For November’s Hyperhidrosis Awareness Month, help raise awareness that extreme sweating needs attention, treatment, and understanding so we can all be our best. Tell the world – excessive sweating is too much!
If you’ve been following my hyperhidrosis blog for any length of time, you may have heard about my very special friend Jess who has hyperhidrosis. She lives in the UK and is now 10 years old. She – like so many of us who have uncontrollable excessive sweating – is busting her own myths about hyperhidrosis this month in honor of Hyperhidrosis Awareness Month. One of them is:
Myth: People with sweaty hands (palmar hyperhidrosis) can’t write or draw.
Fact: Yes, they can. They just might need a few modifications first.
Hyperhidrosis and School
Does your child struggle in school because of their hyperhidrosis? If so, I encourage parents and guardians to advocate on their behalf and tell the teachers what they need in order to be understood and to be successful learners. Jess’ mom, Hayley, did exactly that and has given me permission to post Jess’ Hyperhidrosis School Action Plan to help other kids who struggle with excessive sweating in the classroom.
Hyperhidrosis School Action Plan
Here is an example of what you and your child can give to their teachers and other school professionals to help them understand what hyperhidrosis is, what the daily struggles are when living with it, and what they can to do help these sweaty students succeed.
Things That Are Hard for Me
- My hands are wet most of the day and night. 💧
- My feet sweat and soak my socks.
- I hate the feel of my feet being wet.
- When its PE or sports day and its hot outside, I’m a lot slower than I usually am because of my feet making a squeaky noise in my shoes, which is making my feet feel really uncomfortable.
- Whenever it’s a new school year, I have to start it off in pencil because we don’t get our pens back so I can’t write with a normal pencil because my hands slip down it.
- I can’t use wet ink pens. Where my hand has been, the paper is wet so the ink will run or it will spread.
- I choose my clothes by what they feel like or if I could dry my hands on them.
Things We Have Changed To Help
- I have flannels that I use to dry my hands. They have to feel rough to help; if they are soft, they feel like a teddy bear and don’t dry.
- I have to change my socks as soon as I get home.
- I wear socks in the shower, which is why I don’t go swimming.
- Because I have wet marks on my socks, when I get home I have to get in the shower straight away otherwise it makes me feel horrible.
- I have my own pens and pencils where my grips fit onto both of them making it easier for me to write with them, but I still struggle a lot with my writing.
- I use ballpoint pens instead. The ink doesn’t smudge or run.
- Sometimes I skip pages in my book because the page I was leaning on gets wet.
Things That Have Improved So Far
- I used to get pins and needles feelings if water touched my hands when they were sweaty. I don’t get this anymore😊
- I have cream from Alder Hey, which I am hoping will start to make my hyperhidrosis better.
- In school whenever we do a lesson I struggle with or I don’t really enjoy, that’s when my hands sweat the most.
- I can’t do my work fast enough because nearly every 2 or 3 words I have to stop and dry my hands, which means most of the time it cuts into my break time, even if I try my hardest to work fast.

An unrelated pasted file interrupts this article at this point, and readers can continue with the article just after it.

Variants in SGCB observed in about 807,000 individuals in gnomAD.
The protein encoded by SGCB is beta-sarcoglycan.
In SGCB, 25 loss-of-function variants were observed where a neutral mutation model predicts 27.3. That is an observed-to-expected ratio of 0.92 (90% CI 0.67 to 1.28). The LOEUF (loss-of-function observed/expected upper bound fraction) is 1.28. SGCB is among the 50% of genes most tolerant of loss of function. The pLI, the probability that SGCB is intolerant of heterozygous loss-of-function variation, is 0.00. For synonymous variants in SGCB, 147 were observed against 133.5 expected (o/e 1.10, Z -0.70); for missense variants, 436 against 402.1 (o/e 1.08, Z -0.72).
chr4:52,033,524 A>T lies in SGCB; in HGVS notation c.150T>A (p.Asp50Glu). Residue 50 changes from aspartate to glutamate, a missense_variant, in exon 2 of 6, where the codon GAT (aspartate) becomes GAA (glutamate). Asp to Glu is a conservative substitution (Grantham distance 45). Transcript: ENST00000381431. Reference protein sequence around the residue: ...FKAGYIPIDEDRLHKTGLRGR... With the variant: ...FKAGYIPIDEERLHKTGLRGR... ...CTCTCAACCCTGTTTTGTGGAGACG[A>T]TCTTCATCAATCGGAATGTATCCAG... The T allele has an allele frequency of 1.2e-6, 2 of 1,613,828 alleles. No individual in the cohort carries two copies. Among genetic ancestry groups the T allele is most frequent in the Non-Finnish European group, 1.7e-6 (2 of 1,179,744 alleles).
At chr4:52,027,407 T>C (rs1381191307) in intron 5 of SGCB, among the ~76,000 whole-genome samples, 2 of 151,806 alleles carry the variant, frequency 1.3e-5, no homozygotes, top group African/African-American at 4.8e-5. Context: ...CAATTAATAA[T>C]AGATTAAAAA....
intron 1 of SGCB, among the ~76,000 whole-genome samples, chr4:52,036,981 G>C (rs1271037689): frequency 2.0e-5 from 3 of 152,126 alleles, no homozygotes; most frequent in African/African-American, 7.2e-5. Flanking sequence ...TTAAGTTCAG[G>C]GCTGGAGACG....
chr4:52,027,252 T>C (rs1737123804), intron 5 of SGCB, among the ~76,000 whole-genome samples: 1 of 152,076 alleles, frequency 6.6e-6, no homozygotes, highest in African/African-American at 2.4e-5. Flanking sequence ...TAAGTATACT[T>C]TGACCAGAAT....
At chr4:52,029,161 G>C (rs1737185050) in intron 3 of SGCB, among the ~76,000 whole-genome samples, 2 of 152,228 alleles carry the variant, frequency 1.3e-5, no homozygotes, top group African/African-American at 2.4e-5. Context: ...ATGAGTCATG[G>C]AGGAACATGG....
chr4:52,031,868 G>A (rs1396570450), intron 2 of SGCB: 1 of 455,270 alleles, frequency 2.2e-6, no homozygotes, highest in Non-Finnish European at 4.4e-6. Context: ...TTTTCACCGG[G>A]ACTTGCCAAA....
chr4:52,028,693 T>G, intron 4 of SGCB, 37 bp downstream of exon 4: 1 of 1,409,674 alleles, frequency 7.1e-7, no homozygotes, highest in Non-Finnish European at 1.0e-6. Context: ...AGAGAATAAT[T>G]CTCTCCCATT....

- My emotions affect my condition. If I get upset, stressed, worried, angry or someone touches my hands, then I get so angry which makes my hands worse. It will carry on throughout the whole day and most of the time it drags into the evening when I’m at home and that’s when it really gets too me.
- When we are playing heads down thumbs up (Heads Up 7Up in the USA) in school at the end of the day, I never get tapped on my thumb no matter how dry I try to make my thumb look. It’s only ever my close friends who pick me, so it means I can’t have a turn up in front of the class and even if I do, they will know it is me because of the feel of my hands being wrinkly and wet.
- When I’m at home like after school or weekends, I have as much time as I want to draw. When I draw, my hands don’t sweat as much so I’m happier.
- It doesn’t just happen when I’m hot or in school, it happens any time of the year and every single day, unless I’m calm or drawing.
What We Can Do Next
I would like to ask all my teachers to do my sweaty test:
- You have to put Vaseline all over your hands, in between your fingers and halfway down your wrists.
- Don’t rub it off!
- Next put Vaseline on your feet and put wet socks on.
- Now do what you need to do for the day.
- Try writing, taking a lid off something, white board markers are a good one to try! See if you can write a piece of work without smudging it.
- How many bits of fluff got stuck to you?
- How did it make you feel?
I would really like to know who tries it. Could you let me know outside of class?
Since Jess and her parents have submitted this Hyperhidrosis School Action Plan to her teachers, things are getting better for her in the classroom. In order to make note taking easier for Jess while she’s in school, she now has a laptop she can type notes on rather than handwriting them on paper. It’s simple accommodations like this that can make a world of difference for our young learners who have to deal with excessive sweating on a daily basis. This action plan will look different for everyone, especially if it’s not your hands that sweat.
What about you? What would your action plan look like? What would you request specifically to make your world of learning a little bit drier? Tell me in the comments below!